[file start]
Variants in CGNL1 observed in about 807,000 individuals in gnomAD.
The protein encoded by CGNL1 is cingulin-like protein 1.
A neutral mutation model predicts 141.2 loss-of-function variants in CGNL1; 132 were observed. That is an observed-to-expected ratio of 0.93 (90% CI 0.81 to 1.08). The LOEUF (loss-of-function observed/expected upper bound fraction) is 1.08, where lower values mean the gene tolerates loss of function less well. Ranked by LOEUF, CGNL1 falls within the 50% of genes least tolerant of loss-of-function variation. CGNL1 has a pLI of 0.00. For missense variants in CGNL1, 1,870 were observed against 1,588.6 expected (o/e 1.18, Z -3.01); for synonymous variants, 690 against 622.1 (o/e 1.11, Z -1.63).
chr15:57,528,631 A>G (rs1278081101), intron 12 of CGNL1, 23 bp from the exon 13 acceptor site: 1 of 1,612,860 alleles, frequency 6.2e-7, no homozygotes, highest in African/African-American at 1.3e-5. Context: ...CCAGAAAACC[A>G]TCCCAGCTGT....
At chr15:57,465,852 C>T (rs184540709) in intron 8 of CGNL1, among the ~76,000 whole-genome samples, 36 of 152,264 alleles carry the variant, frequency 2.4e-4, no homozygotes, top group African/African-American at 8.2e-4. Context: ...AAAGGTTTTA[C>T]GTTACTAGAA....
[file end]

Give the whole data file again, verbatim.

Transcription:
Variants in CGNL1 observed in about 807,000 individuals in gnomAD.
The protein encoded by CGNL1 is cingulin-like protein 1.
A neutral mutation model predicts 141.2 loss-of-function variants in CGNL1; 132 were observed. That is an observed-to-expected ratio of 0.93 (90% CI 0.81 to 1.08). The LOEUF (loss-of-function observed/expected upper bound fraction) is 1.08, where lower values mean the gene tolerates loss of function less well. Ranked by LOEUF, CGNL1 falls within the 50% of genes least tolerant of loss-of-function variation. CGNL1 has a pLI of 0.00. For missense variants in CGNL1, 1,870 were observed against 1,588.6 expected (o/e 1.18, Z -3.01); for synonymous variants, 690 against 622.1 (o/e 1.11, Z -1.63).
chr15:57,528,631 A>G (rs1278081101), intron 12 of CGNL1, 23 bp from the exon 13 acceptor site: 1 of 1,612,860 alleles, frequency 6.2e-7, no homozygotes, highest in African/African-American at 1.3e-5. Context: ...CCAGAAAACC[A>G]TCCCAGCTGT....
At chr15:57,465,852 C>T (rs184540709) in intron 8 of CGNL1, among the ~76,000 whole-genome samples, 36 of 152,264 alleles carry the variant, frequency 2.4e-4, no homozygotes, top group African/African-American at 8.2e-4. Context: ...AAAGGTTTTA[C>T]GTTACTAGAA....